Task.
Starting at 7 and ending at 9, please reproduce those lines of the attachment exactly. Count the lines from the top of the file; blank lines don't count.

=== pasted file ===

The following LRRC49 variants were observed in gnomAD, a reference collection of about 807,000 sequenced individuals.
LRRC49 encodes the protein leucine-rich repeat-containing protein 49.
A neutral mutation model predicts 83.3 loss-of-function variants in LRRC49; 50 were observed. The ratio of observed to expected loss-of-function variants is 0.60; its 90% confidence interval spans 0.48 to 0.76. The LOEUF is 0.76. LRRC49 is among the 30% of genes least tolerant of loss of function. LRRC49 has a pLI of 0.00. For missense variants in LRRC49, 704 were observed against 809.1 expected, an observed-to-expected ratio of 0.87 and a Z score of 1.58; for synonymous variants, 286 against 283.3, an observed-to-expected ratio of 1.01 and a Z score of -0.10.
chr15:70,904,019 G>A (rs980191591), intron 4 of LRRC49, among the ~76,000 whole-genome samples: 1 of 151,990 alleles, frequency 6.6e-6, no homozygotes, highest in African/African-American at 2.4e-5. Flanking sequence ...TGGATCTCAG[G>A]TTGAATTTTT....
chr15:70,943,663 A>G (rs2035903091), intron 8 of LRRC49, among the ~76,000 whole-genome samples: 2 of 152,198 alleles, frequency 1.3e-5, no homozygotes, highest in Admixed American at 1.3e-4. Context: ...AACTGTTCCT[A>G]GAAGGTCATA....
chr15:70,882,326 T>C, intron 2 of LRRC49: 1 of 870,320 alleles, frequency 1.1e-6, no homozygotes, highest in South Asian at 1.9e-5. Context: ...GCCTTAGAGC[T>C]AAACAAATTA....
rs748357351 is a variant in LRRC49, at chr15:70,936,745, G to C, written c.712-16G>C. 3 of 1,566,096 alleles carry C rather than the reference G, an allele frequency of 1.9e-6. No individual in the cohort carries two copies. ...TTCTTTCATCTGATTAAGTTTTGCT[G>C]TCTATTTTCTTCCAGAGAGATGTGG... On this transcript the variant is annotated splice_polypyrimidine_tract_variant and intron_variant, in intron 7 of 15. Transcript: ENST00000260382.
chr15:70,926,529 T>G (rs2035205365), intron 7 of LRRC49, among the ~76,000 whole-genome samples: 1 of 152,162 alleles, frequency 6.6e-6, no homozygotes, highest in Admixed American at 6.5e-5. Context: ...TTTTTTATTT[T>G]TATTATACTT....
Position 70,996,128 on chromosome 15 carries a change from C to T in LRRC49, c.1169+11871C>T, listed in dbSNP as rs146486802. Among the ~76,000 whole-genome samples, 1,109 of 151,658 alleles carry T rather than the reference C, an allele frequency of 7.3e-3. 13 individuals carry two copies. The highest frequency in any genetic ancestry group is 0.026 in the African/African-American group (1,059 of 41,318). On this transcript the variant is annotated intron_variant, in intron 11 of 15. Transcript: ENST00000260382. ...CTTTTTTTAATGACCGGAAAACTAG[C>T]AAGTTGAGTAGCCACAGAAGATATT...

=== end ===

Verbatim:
rs748357351 is a variant in LRRC49, at chr15:70,936,745, G to C, written c.712-16G>C. 3 of 1,566,096 alleles carry C rather than the reference G, an allele frequency of 1.9e-6. No individual in the cohort carries two copies. ...TTCTTTCATCTGATTAAGTTTTGCT[G>C]TCTATTTTCTTCCAGAGAGATGTGG... On this transcript the variant is annotated splice_polypyrimidine_tract_variant and intron_variant, in intron 7 of 15. Transcript: ENST00000260382.
chr15:70,926,529 T>G (rs2035205365), intron 7 of LRRC49, among the ~76,000 whole-genome samples: 1 of 152,162 alleles, frequency 6.6e-6, no homozygotes, highest in Admixed American at 6.5e-5. Context: ...TTTTTTATTT[T>G]TATTATACTT....
Position 70,996,128 on chromosome 15 carries a change from C to T in LRRC49, c.1169+11871C>T, listed in dbSNP as rs146486802. Among the ~76,000 whole-genome samples, 1,109 of 151,658 alleles carry T rather than the reference C, an allele frequency of 7.3e-3. 13 individuals carry two copies. The highest frequency in any genetic ancestry group is 0.026 in the African/African-American group (1,059 of 41,318). On this transcript the variant is annotated intron_variant, in intron 11 of 15. Transcript: ENST00000260382. ...CTTTTTTTAATGACCGGAAAACTAG[C>T]AAGTTGAGTAGCCACAGAAGATATT...